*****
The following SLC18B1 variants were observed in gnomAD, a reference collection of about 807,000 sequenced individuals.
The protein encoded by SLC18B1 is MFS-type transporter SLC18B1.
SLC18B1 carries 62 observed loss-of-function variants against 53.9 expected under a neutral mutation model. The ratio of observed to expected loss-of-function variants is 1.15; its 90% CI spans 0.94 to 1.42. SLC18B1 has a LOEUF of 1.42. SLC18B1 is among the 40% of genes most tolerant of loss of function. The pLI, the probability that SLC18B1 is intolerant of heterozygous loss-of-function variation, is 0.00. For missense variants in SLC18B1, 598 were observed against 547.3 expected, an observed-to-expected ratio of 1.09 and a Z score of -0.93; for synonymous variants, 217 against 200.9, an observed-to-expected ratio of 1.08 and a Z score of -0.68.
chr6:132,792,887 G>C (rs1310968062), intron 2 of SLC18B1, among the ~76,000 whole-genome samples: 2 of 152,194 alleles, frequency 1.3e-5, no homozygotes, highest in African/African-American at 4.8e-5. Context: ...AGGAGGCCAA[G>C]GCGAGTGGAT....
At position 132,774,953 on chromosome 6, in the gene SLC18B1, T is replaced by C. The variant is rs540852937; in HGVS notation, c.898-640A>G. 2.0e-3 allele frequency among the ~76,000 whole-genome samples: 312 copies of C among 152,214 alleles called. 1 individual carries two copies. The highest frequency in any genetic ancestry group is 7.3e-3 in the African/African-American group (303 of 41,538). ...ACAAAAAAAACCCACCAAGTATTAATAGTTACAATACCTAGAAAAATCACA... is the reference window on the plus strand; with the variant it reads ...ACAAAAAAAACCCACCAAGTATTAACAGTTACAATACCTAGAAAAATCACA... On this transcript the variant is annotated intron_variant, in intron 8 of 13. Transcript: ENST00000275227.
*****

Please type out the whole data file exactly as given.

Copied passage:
The following SLC18B1 variants were observed in gnomAD, a reference collection of about 807,000 sequenced individuals.
The protein encoded by SLC18B1 is MFS-type transporter SLC18B1.
SLC18B1 carries 62 observed loss-of-function variants against 53.9 expected under a neutral mutation model. The ratio of observed to expected loss-of-function variants is 1.15; its 90% CI spans 0.94 to 1.42. SLC18B1 has a LOEUF of 1.42. SLC18B1 is among the 40% of genes most tolerant of loss of function. The pLI, the probability that SLC18B1 is intolerant of heterozygous loss-of-function variation, is 0.00. For missense variants in SLC18B1, 598 were observed against 547.3 expected, an observed-to-expected ratio of 1.09 and a Z score of -0.93; for synonymous variants, 217 against 200.9, an observed-to-expected ratio of 1.08 and a Z score of -0.68.
chr6:132,792,887 G>C (rs1310968062), intron 2 of SLC18B1, among the ~76,000 whole-genome samples: 2 of 152,194 alleles, frequency 1.3e-5, no homozygotes, highest in African/African-American at 4.8e-5. Context: ...AGGAGGCCAA[G>C]GCGAGTGGAT....
At position 132,774,953 on chromosome 6, in the gene SLC18B1, T is replaced by C. The variant is rs540852937; in HGVS notation, c.898-640A>G. 2.0e-3 allele frequency among the ~76,000 whole-genome samples: 312 copies of C among 152,214 alleles called. 1 individual carries two copies. The highest frequency in any genetic ancestry group is 7.3e-3 in the African/African-American group (303 of 41,538). ...ACAAAAAAAACCCACCAAGTATTAATAGTTACAATACCTAGAAAAATCACA... is the reference window on the plus strand; with the variant it reads ...ACAAAAAAAACCCACCAAGTATTAACAGTTACAATACCTAGAAAAATCACA... On this transcript the variant is annotated intron_variant, in intron 8 of 13. Transcript: ENST00000275227.